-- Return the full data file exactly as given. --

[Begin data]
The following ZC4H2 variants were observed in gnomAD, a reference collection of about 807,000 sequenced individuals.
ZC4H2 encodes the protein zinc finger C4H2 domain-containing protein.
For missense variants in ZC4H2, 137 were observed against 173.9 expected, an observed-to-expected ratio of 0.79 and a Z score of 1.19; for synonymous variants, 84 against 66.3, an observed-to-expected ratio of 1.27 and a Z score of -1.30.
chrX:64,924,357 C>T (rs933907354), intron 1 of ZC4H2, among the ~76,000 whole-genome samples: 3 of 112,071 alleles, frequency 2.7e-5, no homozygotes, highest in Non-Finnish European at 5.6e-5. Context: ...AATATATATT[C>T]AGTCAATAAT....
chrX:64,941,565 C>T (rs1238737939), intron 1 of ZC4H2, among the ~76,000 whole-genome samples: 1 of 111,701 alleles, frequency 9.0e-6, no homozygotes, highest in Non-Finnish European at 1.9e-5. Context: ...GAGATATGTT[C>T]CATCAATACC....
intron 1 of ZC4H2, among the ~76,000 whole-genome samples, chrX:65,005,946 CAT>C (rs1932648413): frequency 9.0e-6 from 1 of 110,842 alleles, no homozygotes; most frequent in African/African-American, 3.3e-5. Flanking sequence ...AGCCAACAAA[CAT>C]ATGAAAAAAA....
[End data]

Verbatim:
The following ZC4H2 variants were observed in gnomAD, a reference collection of about 807,000 sequenced individuals.
ZC4H2 encodes the protein zinc finger C4H2 domain-containing protein.
For missense variants in ZC4H2, 137 were observed against 173.9 expected, an observed-to-expected ratio of 0.79 and a Z score of 1.19; for synonymous variants, 84 against 66.3, an observed-to-expected ratio of 1.27 and a Z score of -1.30.
chrX:64,924,357 C>T (rs933907354), intron 1 of ZC4H2, among the ~76,000 whole-genome samples: 3 of 112,071 alleles, frequency 2.7e-5, no homozygotes, highest in Non-Finnish European at 5.6e-5. Context: ...AATATATATT[C>T]AGTCAATAAT....
chrX:64,941,565 C>T (rs1238737939), intron 1 of ZC4H2, among the ~76,000 whole-genome samples: 1 of 111,701 alleles, frequency 9.0e-6, no homozygotes, highest in Non-Finnish European at 1.9e-5. Context: ...GAGATATGTT[C>T]CATCAATACC....
intron 1 of ZC4H2, among the ~76,000 whole-genome samples, chrX:65,005,946 CAT>C (rs1932648413): frequency 9.0e-6 from 1 of 110,842 alleles, no homozygotes; most frequent in African/African-American, 3.3e-5. Flanking sequence ...AGCCAACAAA[CAT>C]ATGAAAAAAA....